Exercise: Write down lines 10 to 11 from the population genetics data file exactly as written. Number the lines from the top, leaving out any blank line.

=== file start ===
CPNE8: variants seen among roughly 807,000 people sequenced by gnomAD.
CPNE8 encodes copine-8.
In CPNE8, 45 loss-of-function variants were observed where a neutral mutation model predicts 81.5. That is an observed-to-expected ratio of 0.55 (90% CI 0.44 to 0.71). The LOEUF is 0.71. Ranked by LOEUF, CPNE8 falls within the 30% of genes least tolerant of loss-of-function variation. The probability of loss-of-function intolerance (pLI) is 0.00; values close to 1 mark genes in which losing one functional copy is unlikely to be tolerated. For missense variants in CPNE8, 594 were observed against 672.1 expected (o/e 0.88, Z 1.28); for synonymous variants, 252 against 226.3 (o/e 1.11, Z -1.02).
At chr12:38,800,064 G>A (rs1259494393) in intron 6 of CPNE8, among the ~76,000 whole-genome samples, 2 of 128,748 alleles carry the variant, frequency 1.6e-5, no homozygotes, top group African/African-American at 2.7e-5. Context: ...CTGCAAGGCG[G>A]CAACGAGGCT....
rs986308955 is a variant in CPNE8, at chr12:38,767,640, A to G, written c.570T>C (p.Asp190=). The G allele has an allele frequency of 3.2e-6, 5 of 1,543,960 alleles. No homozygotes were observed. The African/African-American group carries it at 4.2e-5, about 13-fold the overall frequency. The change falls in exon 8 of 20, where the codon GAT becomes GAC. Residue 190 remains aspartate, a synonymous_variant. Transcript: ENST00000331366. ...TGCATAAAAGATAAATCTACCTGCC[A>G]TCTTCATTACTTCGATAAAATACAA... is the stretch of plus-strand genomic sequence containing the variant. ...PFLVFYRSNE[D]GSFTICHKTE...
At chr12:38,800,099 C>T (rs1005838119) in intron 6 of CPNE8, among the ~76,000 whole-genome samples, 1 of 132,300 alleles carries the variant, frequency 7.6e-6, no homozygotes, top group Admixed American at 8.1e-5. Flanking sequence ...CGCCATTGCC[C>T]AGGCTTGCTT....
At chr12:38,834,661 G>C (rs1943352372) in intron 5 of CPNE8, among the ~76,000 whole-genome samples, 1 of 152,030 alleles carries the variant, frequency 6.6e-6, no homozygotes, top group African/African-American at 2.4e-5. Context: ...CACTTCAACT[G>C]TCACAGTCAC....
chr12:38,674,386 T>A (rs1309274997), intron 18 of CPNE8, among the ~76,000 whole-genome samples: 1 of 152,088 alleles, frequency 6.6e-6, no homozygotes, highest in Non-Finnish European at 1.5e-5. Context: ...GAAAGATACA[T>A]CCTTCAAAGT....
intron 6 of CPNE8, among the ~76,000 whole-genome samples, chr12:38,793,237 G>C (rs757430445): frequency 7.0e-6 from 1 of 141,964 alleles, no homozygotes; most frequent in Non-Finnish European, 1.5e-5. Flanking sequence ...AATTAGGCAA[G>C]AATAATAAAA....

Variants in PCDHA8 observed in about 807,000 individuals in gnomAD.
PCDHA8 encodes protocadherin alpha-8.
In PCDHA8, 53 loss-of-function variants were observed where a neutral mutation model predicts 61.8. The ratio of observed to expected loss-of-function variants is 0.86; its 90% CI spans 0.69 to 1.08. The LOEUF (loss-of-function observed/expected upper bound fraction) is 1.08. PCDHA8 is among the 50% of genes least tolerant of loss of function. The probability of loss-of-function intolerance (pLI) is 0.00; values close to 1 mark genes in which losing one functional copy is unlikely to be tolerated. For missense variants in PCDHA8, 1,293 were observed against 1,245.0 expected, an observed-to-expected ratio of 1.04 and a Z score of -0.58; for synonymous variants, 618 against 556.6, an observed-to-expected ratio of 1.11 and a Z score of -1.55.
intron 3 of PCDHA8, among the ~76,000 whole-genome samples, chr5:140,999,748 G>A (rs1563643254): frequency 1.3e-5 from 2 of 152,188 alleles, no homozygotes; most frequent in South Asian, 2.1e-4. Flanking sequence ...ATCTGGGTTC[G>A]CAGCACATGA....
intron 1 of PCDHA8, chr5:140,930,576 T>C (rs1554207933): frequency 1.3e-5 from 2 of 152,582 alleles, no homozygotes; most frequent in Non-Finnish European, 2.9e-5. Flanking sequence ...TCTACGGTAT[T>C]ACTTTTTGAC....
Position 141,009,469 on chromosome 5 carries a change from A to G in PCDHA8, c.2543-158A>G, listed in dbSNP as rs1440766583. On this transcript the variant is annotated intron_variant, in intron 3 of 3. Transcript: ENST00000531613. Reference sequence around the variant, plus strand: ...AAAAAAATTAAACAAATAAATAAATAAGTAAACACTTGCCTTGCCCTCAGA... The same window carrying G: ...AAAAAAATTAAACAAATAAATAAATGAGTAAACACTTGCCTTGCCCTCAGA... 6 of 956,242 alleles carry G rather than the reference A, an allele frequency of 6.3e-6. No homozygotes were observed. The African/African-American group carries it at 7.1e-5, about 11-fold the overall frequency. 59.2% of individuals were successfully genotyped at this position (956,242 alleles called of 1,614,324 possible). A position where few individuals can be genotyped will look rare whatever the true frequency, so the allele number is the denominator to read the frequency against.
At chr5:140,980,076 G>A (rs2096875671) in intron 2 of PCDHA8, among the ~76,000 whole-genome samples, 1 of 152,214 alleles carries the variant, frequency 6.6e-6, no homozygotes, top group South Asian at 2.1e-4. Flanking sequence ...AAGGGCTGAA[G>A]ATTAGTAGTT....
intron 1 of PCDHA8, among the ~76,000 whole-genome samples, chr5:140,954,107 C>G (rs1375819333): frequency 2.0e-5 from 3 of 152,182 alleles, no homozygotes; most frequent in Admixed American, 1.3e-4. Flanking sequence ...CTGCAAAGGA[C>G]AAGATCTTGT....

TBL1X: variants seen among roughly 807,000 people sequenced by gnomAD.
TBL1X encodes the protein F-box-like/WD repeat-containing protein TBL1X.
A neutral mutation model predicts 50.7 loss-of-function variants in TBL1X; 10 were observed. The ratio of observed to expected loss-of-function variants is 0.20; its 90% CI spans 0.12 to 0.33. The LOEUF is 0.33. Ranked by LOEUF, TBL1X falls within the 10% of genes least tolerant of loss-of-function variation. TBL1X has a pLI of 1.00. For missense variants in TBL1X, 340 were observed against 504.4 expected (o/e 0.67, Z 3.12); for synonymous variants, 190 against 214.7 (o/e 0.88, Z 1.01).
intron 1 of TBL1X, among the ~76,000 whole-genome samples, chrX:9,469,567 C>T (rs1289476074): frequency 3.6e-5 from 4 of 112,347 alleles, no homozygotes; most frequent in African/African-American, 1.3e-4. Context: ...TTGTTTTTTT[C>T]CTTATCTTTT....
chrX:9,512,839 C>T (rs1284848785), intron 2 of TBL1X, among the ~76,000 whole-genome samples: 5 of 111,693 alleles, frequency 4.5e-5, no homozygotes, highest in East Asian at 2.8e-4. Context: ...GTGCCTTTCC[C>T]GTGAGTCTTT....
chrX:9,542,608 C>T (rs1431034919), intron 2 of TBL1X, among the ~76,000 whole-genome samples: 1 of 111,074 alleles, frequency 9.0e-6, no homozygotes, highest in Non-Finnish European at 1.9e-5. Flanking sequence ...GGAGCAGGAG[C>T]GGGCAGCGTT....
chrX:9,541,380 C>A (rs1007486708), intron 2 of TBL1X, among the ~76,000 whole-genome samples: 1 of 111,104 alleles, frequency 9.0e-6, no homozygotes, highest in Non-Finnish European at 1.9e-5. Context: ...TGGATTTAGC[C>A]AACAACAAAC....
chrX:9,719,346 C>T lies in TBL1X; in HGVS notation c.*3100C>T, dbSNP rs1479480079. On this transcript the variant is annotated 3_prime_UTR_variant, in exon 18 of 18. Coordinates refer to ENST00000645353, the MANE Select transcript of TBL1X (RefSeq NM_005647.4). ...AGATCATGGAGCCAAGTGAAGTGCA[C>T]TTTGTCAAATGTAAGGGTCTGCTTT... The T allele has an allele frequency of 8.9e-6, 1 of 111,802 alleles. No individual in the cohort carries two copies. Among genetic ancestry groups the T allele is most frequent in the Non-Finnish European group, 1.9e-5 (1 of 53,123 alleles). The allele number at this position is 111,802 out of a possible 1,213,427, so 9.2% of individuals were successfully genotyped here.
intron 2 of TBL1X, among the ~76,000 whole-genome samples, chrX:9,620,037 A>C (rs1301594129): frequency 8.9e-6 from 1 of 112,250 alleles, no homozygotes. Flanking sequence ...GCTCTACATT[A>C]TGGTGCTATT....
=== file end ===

Variants in PCDHA8 observed in about 807,000 individuals in gnomAD.
PCDHA8 encodes protocadherin alpha-8.